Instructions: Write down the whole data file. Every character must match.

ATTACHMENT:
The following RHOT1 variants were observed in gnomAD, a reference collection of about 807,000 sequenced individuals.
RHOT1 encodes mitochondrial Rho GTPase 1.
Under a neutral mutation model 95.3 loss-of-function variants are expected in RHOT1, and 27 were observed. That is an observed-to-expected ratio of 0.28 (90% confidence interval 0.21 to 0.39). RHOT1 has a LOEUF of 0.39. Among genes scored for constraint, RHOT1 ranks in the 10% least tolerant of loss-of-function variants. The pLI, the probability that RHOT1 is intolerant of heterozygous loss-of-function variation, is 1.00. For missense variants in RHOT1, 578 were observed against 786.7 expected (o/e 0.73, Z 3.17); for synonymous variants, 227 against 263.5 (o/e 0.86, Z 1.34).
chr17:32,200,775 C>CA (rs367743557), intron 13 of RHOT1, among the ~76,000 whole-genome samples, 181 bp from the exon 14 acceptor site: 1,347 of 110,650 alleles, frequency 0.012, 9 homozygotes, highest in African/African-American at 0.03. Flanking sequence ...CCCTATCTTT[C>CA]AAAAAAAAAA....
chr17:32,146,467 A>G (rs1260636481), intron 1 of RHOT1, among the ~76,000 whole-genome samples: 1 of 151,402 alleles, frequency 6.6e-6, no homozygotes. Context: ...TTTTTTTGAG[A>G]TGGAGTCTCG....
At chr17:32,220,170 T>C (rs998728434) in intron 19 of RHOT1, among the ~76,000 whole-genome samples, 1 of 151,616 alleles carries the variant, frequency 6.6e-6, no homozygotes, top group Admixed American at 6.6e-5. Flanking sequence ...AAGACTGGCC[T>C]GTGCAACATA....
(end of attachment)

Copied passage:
The following RHOT1 variants were observed in gnomAD, a reference collection of about 807,000 sequenced individuals.
RHOT1 encodes mitochondrial Rho GTPase 1.
Under a neutral mutation model 95.3 loss-of-function variants are expected in RHOT1, and 27 were observed. That is an observed-to-expected ratio of 0.28 (90% confidence interval 0.21 to 0.39). RHOT1 has a LOEUF of 0.39. Among genes scored for constraint, RHOT1 ranks in the 10% least tolerant of loss-of-function variants. The pLI, the probability that RHOT1 is intolerant of heterozygous loss-of-function variation, is 1.00. For missense variants in RHOT1, 578 were observed against 786.7 expected (o/e 0.73, Z 3.17); for synonymous variants, 227 against 263.5 (o/e 0.86, Z 1.34).
chr17:32,200,775 C>CA (rs367743557), intron 13 of RHOT1, among the ~76,000 whole-genome samples, 181 bp from the exon 14 acceptor site: 1,347 of 110,650 alleles, frequency 0.012, 9 homozygotes, highest in African/African-American at 0.03. Flanking sequence ...CCCTATCTTT[C>CA]AAAAAAAAAA....
chr17:32,146,467 A>G (rs1260636481), intron 1 of RHOT1, among the ~76,000 whole-genome samples: 1 of 151,402 alleles, frequency 6.6e-6, no homozygotes. Context: ...TTTTTTTGAG[A>G]TGGAGTCTCG....
At chr17:32,220,170 T>C (rs998728434) in intron 19 of RHOT1, among the ~76,000 whole-genome samples, 1 of 151,616 alleles carries the variant, frequency 6.6e-6, no homozygotes, top group Admixed American at 6.6e-5. Flanking sequence ...AAGACTGGCC[T>C]GTGCAACATA....